Man looks through window of mansion. Image cuts to the delipidated garden he sees. Image cuts back to man, except, instead of his face we see the pale white face of a ghostly woman. AAAAAAAHHHH!
I don’t really feel I could say more about The Woman in Black than I just did. This ghost story, a return to form by the resurrected British horror studio Hammer, chills you all the way down to the bone. Properly scary, like a really good ghost story / scary movie should be. Cinematic fear, pay good attention torture porn lovers, is based even more on that which you do not see than on that which you do see. And on the inbetween that is constituted by the things that you think you see or did not see. It is not gore, or mutilation, or pain, that terrifies us: it is the encounter with the beyond. Death, the undead, the resurrected and the remainders of what once was life.
The Woman in Black is based on a novel by Susan Hill. The story material would suggest that it is a gothic tale from the Victorian age, an era in which that which was not understandable was made understandable either with the help of the modern logic of the scientific, industrial age (Sherlock Holmes and his contemporaries), through recourse to the rumors and legends of times past (Edgar Allen Poe, Bram Stoker) or a mixture of the two (Mary Shelley). But the novel is actually from 1983. It has since been adapted as a hugely successful stage play (running in London since 1989) and now as a moving picture, directed by James Watkins (Eden Lake) and starring Harry Potter (Daniel Radcliffe).
That bit of casting is immediately the one thing that is truly ‘off’ with this film. Radcliffe has honestly developed in a fine actor. But at this point he is still too much Potter to me. Granted, this will remain to be true for a couple of years, but until he ahs properly outgrown the robes of Hogwarts Radcliffe had better choose roles that actually suit his age and looks. He is simply too young or too young-looking to be a widower and the father of a four-year-old son. Despite the stubble on his cheeks. Readers who remember the last scene of Deathly Hallows part II will know why.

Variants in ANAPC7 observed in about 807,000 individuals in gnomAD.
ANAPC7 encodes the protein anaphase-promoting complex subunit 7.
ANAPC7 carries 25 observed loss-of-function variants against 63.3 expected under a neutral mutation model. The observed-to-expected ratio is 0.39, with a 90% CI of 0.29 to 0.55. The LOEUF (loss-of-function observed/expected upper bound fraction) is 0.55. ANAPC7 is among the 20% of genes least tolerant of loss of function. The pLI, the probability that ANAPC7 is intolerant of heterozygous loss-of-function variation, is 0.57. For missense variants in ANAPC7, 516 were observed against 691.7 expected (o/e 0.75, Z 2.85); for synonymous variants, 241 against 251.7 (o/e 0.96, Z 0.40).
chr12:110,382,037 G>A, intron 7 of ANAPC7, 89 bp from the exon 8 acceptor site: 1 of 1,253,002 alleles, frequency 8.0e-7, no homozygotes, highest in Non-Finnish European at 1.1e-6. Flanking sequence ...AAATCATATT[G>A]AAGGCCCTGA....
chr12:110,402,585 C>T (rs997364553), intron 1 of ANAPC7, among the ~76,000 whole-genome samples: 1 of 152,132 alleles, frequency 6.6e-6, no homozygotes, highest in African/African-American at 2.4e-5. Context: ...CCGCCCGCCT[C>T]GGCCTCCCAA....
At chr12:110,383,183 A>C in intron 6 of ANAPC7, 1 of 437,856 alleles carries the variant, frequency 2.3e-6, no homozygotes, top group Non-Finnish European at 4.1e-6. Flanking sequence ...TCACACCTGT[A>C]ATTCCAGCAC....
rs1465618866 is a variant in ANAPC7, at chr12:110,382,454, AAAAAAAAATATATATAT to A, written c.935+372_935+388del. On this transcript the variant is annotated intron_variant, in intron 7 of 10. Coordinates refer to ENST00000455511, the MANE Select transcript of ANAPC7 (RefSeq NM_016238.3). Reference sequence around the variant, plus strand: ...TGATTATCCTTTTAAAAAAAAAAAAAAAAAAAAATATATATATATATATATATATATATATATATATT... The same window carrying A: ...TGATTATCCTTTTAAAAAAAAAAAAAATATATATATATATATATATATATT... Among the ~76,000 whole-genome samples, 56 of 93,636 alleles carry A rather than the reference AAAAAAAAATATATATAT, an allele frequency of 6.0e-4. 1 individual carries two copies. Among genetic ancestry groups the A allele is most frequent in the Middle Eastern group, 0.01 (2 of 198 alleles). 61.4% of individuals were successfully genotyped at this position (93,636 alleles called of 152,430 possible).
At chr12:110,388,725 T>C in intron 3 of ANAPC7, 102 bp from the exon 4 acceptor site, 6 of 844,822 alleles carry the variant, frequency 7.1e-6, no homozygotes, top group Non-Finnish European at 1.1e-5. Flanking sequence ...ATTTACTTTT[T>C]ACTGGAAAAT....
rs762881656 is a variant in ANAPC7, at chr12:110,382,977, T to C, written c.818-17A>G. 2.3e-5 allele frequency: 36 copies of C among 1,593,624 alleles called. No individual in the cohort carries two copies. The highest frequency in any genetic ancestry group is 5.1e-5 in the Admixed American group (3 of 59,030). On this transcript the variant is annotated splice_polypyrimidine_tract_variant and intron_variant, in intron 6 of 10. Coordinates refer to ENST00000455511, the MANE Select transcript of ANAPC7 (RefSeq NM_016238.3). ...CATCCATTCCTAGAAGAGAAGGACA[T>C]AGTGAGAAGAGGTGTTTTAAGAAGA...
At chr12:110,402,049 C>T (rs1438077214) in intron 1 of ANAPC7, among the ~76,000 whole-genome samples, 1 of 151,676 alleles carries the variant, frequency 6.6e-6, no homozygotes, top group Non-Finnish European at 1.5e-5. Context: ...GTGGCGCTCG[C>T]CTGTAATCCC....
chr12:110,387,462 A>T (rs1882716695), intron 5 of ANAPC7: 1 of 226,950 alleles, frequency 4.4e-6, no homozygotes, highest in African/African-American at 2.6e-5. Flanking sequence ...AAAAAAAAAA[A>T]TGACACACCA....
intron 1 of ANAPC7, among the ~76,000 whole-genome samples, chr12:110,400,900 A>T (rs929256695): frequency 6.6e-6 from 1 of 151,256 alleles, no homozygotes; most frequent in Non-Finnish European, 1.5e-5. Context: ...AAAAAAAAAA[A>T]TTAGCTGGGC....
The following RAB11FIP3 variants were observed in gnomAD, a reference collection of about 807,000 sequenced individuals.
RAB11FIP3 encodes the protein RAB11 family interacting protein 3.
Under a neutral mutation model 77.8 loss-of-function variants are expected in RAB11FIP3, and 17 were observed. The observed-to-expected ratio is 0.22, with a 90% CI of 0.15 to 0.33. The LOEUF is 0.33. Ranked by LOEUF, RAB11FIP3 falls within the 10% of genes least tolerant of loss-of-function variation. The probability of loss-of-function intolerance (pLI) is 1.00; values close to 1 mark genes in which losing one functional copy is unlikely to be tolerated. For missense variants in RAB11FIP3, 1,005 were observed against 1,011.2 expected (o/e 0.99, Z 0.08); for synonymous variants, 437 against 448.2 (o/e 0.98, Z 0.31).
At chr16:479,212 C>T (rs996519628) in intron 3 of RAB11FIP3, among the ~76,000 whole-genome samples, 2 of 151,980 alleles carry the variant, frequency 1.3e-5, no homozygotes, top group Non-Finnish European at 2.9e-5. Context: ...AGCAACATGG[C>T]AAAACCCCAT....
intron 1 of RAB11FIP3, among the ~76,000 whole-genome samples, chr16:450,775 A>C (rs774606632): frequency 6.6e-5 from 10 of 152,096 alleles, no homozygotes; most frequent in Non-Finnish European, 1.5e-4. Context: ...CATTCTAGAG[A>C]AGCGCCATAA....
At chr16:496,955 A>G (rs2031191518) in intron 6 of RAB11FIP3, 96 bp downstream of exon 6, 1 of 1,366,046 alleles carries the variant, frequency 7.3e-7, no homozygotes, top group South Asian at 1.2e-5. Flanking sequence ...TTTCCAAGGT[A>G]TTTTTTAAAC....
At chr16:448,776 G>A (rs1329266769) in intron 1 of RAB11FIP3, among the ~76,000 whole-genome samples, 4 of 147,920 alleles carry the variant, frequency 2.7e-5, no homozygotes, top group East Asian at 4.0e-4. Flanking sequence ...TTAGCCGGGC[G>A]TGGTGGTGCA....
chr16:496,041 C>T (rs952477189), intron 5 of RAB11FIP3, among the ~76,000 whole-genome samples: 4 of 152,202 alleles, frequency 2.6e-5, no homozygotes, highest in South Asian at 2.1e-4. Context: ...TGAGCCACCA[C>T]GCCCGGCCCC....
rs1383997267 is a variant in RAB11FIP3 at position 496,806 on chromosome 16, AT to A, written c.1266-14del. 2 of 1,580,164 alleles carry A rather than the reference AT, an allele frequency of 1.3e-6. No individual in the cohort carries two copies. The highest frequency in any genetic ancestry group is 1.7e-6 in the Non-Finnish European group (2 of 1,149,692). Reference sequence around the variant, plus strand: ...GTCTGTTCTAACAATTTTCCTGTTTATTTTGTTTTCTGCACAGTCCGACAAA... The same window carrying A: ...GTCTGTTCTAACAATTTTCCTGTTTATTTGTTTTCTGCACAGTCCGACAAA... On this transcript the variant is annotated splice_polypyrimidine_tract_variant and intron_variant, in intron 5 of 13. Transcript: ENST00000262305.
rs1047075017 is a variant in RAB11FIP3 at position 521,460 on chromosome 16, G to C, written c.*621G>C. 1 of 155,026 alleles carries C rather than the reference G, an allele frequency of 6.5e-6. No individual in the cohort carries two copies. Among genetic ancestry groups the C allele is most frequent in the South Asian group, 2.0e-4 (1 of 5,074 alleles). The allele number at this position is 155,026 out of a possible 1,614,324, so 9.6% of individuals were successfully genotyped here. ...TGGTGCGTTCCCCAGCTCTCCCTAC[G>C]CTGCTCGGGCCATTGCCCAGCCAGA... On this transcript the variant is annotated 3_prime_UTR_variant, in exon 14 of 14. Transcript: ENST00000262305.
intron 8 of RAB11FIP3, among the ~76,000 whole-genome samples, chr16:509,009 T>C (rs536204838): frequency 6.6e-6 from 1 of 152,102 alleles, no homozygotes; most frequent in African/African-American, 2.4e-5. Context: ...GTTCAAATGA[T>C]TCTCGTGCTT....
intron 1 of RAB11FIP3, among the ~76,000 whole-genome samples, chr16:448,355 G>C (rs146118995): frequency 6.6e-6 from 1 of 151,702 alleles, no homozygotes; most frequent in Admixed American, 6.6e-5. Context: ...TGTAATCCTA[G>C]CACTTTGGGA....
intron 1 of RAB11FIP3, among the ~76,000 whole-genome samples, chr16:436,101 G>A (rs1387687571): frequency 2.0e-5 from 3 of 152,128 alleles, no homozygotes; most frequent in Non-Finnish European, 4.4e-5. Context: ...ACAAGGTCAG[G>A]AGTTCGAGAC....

Granted, Radcliffe does act well. Of course he has had years of experience in looking terrified at supernatural threats. His fear of the ghostly apparition of a black-clad woman in the deserted house his young lawyer is supposed to do the paper work for is believable, and crucially, felt by the audience too. And he is surrounded by reliable, more experienced actors as Ciaran Hinds, who shows us why it is such a shame he was so much underused in Tinker Tailor Soldier Spy, and Roger Allam.
Oh, and did I mention this? The film is genuinely scary. Without being gory it is really not for the faint-of-hearted. Radcliffe’s character, Arthur Kipps, is sent to a remote coastal village to do the paper work on a vacant mansion. But after he sees a female apparition in the garden surrounding the mansion children in the village start to die, and the villagers turn against Kipps…
Properly, old-fashioned, chilling scary-movie making. I was on the tip of my seat during the entire running time and the audience with whom I saw the film gasped, screamed and laughed, just as they should.